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MAX station restoration funding needed

Matt Clark, executive director of the Johnson Creek Watershed Council, can see the light at the end of the tunnel, as the in-stream and side-channel salmon habitat project in Johnson Creek at the Tacoma MAX station is taking shape

“It’s very exciting to see this first phase coming to fruition. It’s been a long road since our community design charettes in the summer of 2010,” he said.

by: PHOTOS COURTESY OF ESA VIGIL-AGRIMIS - TriMet is working with contractors to restore habitat and bring more attention to conservation issues along Johnson Creek as it builds light rail from Portland to Oak Grove.East Multnomah Soil and Water Conservation District, the National Fish and Wildlife Foundation, Oregon Wildlife, PGE Habitat Support Fund and Soil Solutions partnered with the watershed council in the restoration project, Clark said.

He also noted that after a lot of community input, the interpretive panel design for the Johnson Creek boardwalk is finished.

But, he emphasized, the watershed council has about five months left to raise its portion of the construction costs for the boardwalk.

Clark is asking that people make a donation to the project, and, in return, donors can have a name of their choice engraved in the boardwalk handrail.

“Our goal is at least 100 private individual and local business donors supporting the project,” he said.

Interpretive boardwalk

The 150-foot boardwalk will be just north of the Tacoma Street/Johnson Creek MAX station. Accessed from the station platform, it will lead over a bioswale/rain garden that treats stormwater runoff from the station area.

It will end at a platform next to Johnson Creek where people can see recently constructed salmon habitat, including logs and boulders installed in the creek channel and an excavated side channel that provides refuge areas for fish when the creek is running high in the winter, Clark said.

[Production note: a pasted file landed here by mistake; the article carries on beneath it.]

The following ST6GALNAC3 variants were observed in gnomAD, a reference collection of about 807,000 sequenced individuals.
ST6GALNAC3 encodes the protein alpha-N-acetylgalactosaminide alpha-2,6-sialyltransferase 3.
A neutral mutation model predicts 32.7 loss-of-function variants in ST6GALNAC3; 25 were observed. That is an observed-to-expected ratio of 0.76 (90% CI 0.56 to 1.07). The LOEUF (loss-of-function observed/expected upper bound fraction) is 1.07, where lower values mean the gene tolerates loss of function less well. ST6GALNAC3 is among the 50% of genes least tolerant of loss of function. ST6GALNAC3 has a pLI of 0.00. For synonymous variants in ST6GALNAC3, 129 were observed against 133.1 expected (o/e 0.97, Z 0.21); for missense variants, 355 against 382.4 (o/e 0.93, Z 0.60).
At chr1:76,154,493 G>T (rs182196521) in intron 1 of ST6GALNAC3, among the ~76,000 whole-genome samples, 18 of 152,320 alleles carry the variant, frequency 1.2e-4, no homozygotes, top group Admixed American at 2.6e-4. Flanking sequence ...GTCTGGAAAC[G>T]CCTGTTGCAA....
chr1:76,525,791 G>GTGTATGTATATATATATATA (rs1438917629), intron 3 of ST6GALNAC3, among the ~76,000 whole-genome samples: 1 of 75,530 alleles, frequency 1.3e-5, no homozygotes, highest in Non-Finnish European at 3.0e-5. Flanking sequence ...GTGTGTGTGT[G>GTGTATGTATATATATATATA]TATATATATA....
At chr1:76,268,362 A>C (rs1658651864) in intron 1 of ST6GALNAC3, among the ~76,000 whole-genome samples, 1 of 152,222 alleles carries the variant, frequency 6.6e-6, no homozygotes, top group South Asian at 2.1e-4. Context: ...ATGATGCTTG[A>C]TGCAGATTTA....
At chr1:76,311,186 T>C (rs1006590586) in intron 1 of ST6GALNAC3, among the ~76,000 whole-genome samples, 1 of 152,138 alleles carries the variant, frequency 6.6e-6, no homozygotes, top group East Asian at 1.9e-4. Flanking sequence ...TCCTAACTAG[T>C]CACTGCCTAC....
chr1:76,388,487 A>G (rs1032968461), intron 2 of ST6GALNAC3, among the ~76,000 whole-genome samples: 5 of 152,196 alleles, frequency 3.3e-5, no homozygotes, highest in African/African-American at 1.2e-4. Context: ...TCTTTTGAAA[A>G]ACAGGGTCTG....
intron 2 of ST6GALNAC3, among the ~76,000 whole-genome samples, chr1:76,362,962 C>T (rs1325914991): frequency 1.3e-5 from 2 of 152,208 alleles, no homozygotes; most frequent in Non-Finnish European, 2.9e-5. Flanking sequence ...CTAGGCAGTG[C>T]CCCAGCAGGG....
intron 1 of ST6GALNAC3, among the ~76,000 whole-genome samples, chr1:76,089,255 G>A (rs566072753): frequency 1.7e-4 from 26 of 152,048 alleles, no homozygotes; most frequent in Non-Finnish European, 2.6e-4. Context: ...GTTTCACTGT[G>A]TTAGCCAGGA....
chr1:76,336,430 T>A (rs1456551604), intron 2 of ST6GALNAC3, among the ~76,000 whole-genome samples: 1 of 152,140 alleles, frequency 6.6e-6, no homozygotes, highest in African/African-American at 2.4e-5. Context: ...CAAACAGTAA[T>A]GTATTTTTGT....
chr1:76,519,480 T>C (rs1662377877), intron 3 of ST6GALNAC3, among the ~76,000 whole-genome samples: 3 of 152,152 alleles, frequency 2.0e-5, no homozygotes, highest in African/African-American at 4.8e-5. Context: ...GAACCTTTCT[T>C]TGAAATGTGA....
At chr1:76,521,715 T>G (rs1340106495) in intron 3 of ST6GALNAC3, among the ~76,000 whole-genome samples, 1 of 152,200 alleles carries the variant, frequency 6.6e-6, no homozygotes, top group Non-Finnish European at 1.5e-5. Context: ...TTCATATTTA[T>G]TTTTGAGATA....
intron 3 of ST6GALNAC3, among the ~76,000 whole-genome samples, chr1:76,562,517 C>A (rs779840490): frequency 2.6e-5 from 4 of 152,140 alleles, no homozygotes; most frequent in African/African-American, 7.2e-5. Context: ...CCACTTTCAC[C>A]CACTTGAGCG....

Five interpretive panels installed on the boardwalk depict topics ranging from Native American and early European settler history to industrialization to current habitat restoration efforts. The panels celebrate Johnson Creek’s ecological recovery and highlight the central role the creek has played, and continues to play, in Southeast Portland’s history and development.

Recognition that lasts

“We wanted the boardwalk to have a slightly curved alignment to lend a sense of discovery and mystery. In other words, we didn’t want people to be able to see the boardwalk’s end from the starting point. We wanted the handrail to be semi-transparent so that people, especially kids, would see the native streamside forest and creek habitat through the railing,” Clark said.

“Above all, we want the boardwalk to look nice so that it’s a place where people want to spend time,” he added.

Calling the boardwalk project a “snapshot of a community coming together around Johnson Creek,” Clark noted that financial support is needed to make the boardwalk happen.

“By making a donation of $100 or more, families, local businesses, community groups can have their names engraved on the boardwalk handrail and be memorialized as having helped make the project happen. It’s like the Pioneer Square bricks, and it’s a cool gift to give, especially to a child.

“What could be more exciting for a kid than to have your name engraved on something that hundreds, if not thousands, of people will see every year,” Clark said.

Boardwalk construction will begin mid-February 2014 and will be finished by July 1, 2014. In order to be included with a name engraving on the donor handrail, Johnson Creek Watershed Council needs to receive contributions by Jan. 21.

On the boardwalk

For more information about the Johnson Creek Watershed Council, visit jcwc.org.

To make a donation to the boardwalk project, visit jcwc.org/engraving/.



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